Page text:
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The Two Elsies and Elsie’s Kith and Kin

April 8, 2008

I haven’t been keeping up with writing about the Elsie books as I read them, but let’s forget about that and skip to book #11, The Two Elsies. The two Elsies in question are probably the original Elsie and her eldest daughter, but neither of them is particularly central to the story and several people have babies named Elsie at this point.

Anyway, a little background: in book #8, Elsie’s second daughter and third child, Violet, married Captain Raymond, a naval man and a widower with three children. Captain Raymond is away at sea much of the time, so Elsie and her father — he and his wife kind of moved in with Elsie after Mr. Travilla died in book #7 — say that the kids can come live with them (Violet is continuing to live at home, too). Max, the eldest, is kind of hasty and impulsive, but basically a good kid. Lulu has a bad temper that she has trouble controlling (in other words, she has a backbone, which means that she’s kind of alone in this series) but she is also scrupulously honest. Grace is a sickly but gentle little girl who soon becomes nearly as religious as Elsie was at her age. At this point, the books start to focus in on Lulu and her father, reworking the father daughter relationship that was so creepy in the earliest Elsie books, except that in this version, Lulu is pretty much always in the wrong, and also there’s a fair amount of corporal punishment, described in more detail than I wanted to read.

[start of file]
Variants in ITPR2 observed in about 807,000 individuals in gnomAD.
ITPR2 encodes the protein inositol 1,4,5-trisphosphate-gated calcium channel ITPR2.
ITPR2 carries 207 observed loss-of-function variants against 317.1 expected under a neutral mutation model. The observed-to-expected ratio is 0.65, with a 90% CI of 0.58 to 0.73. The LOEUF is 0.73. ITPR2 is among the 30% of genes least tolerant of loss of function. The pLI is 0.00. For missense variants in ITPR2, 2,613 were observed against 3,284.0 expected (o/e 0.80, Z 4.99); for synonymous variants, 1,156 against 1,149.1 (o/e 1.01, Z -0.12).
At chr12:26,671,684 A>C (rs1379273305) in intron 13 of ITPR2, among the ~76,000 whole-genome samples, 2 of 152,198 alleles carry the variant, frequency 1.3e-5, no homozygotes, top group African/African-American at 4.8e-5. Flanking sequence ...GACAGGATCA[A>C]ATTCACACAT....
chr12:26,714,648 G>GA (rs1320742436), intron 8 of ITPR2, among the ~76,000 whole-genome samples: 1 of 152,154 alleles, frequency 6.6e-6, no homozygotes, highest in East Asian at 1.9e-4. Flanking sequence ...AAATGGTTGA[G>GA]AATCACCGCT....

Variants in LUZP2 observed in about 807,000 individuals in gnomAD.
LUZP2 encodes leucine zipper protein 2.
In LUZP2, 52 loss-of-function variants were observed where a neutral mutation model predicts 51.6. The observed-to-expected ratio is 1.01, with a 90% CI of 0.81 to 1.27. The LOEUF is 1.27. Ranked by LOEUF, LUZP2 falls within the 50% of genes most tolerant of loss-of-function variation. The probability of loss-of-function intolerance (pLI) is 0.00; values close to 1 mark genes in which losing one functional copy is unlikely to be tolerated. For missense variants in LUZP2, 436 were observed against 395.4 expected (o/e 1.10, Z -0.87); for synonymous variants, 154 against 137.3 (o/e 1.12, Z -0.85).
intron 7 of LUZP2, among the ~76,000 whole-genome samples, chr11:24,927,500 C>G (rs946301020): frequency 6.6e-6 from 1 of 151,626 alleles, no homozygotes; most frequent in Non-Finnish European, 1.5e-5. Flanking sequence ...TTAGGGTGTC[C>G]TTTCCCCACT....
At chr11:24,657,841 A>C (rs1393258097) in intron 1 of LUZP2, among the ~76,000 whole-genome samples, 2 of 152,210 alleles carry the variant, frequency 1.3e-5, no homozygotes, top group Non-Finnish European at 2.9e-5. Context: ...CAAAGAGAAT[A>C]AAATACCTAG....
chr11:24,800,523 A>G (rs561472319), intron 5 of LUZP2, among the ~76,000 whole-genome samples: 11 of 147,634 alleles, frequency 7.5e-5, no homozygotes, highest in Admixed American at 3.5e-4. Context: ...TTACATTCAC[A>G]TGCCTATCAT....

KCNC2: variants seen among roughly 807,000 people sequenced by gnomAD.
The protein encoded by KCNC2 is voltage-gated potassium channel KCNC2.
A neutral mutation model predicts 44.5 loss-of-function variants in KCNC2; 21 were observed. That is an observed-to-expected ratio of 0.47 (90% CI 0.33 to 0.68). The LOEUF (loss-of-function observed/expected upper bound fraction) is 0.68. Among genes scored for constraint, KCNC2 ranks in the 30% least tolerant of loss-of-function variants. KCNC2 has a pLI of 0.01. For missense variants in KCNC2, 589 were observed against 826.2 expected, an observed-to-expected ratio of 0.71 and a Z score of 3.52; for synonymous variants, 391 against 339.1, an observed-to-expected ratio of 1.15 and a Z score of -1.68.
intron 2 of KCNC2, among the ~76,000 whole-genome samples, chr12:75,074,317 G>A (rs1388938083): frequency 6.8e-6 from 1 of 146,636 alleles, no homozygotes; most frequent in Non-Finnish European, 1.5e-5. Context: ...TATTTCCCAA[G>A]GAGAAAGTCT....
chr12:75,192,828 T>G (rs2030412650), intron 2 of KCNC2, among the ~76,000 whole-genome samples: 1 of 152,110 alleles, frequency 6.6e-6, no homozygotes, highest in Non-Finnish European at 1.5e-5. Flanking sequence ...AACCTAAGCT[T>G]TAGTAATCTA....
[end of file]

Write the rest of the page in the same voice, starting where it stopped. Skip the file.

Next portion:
The Two Elsies begins, not with Lulu, but with Evelyn Leland and her parents. Evelyn’s father, Eric, is he elder brother of Lester Leland, who married Elsie’s eldest daughter. It’s so inconvenient that there’s no equivalent to ‘junior’ for women. I’m just going to call her Elsie II. Anyway, Eric Leland is dying and calls Lester and Elsie II to his home on the Hudson. His wife is kind of a bitch and talks a lot about “the claims of society” in order to justify going off to resort towns and leaving her thirteen-year-old daughter and dying husband, so Eric leaves Evelyn to the care of Lester and Elsie II, and when he finally dies, after a very drawn-out final illness, they take her with them to Fairview, their plantation, which is pretty much next door to Ion.